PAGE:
Kayak Sail Types

Written by miggi sanchez
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Kayak Sail Types
Know the different types of sails for your kayak. (Jupiterimages/Comstock/Getty Images)

Kayaking has now expanded into kayak sailing, with the latest innovations with its accessories and equipment. Kayaks are not just used for white-water courses but are now used as main touring water vehicles. Attaching a sail to a kayak brings a new level to the sport, where the paddler is propelled by the wind behind it for a faster journey.

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Compact Downwind Spinnakers

Compact downwind spinnakers, or more commonly called kite sails, are smaller, more lightweight sails most often used in touring. This type of sail can accommodate wind speeds of up to 15 knots and can have control lines attached to the kayak's shaft to help you gain control of the body. This keeps your hand near the paddles in case you need extra support during gusty travels. The kite sail is also very easy to take down, just in case the wind gets too strong and you are in danger of capsizing.

Full Sailing Rigs

Full sailing rigs need to be drilled into the kayak or clipped for a sturdier attachment. Unlike kite sails that can use suction cups as bases, full sailing rigs need bolts and screws for reinforcement. This means that you cannot easily take down the sail in case the wind gets too strong, but this type of sail can withstand winds of at least 30 knots. Full sailing rigs cost around £130 each and look a lot like the regular sails that you see in most water vehicles.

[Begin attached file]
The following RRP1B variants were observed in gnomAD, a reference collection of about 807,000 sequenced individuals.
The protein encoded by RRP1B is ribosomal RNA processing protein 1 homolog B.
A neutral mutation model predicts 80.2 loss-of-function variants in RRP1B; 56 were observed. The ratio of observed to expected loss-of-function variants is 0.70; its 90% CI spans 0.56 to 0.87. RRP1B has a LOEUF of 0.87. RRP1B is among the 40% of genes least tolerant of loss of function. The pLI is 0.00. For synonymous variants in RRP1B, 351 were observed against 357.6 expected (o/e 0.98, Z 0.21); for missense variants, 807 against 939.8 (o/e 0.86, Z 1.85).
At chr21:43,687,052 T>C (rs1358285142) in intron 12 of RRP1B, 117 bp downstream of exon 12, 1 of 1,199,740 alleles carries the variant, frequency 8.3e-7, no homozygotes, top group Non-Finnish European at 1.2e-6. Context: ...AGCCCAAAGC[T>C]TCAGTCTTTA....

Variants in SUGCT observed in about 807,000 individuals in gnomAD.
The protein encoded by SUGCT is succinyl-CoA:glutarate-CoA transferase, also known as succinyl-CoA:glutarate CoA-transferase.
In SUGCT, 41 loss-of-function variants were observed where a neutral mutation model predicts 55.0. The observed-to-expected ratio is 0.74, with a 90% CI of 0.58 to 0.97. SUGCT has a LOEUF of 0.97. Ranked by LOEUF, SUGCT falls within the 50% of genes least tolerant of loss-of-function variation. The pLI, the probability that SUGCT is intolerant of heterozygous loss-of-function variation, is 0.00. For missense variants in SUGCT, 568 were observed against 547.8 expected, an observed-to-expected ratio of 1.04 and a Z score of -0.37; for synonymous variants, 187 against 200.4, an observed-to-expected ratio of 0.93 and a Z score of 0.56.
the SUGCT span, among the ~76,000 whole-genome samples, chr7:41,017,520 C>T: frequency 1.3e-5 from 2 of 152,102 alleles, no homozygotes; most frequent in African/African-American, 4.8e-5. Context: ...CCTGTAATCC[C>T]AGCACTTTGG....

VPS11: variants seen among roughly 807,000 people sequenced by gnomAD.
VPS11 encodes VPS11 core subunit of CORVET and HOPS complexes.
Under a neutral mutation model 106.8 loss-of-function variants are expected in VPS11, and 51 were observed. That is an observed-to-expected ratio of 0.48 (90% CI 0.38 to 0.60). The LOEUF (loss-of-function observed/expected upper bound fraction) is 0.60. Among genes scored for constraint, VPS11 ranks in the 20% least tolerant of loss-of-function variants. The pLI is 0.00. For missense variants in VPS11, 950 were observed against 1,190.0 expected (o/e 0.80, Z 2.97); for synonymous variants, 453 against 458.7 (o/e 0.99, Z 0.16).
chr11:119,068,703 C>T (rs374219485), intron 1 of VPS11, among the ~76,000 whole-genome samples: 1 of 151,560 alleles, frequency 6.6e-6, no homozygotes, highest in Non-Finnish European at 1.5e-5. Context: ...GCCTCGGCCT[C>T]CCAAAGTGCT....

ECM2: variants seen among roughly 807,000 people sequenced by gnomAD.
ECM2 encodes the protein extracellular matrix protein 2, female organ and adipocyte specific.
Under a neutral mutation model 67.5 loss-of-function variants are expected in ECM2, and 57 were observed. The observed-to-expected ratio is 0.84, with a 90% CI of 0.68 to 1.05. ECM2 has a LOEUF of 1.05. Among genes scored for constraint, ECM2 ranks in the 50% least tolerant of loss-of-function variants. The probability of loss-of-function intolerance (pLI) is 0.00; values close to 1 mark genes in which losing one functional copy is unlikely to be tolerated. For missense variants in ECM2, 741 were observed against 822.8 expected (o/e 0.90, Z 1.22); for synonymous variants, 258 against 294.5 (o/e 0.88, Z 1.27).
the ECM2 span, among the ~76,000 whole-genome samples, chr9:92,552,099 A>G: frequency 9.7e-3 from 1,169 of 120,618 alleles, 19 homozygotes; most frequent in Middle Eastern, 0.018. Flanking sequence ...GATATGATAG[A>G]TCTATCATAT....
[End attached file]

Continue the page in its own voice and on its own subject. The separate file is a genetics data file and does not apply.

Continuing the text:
Free-Standing Sails

Free-standing sails are placed close to the paddler, making it easy to control and easy to take down. For sit-on-top kayaks, or SOT's, free-standing sails may be an issue since placing them on the foot wells makes it difficult to reach for the paddler. If you are using SOT kayaks, it is best to use a spinnaker or kite sail, instead. Free-standing sails do not need bolts or suction caps to attach to the kayak's body.

Spirit Sails

Spirit Sails is one of the kayak sail vendors in the market today. They specialise in kayak and canoe sails with a focus on the free-standing variety. Their sails come with a V-yoke and a locking base for easy set-up and installation. Their sails range from £146 to £178 and they offer kayaking and canoeing tips for the newbies. They also sell rod holders and base mounts for adventurist kayak racers, which range from £19 to £45 each.

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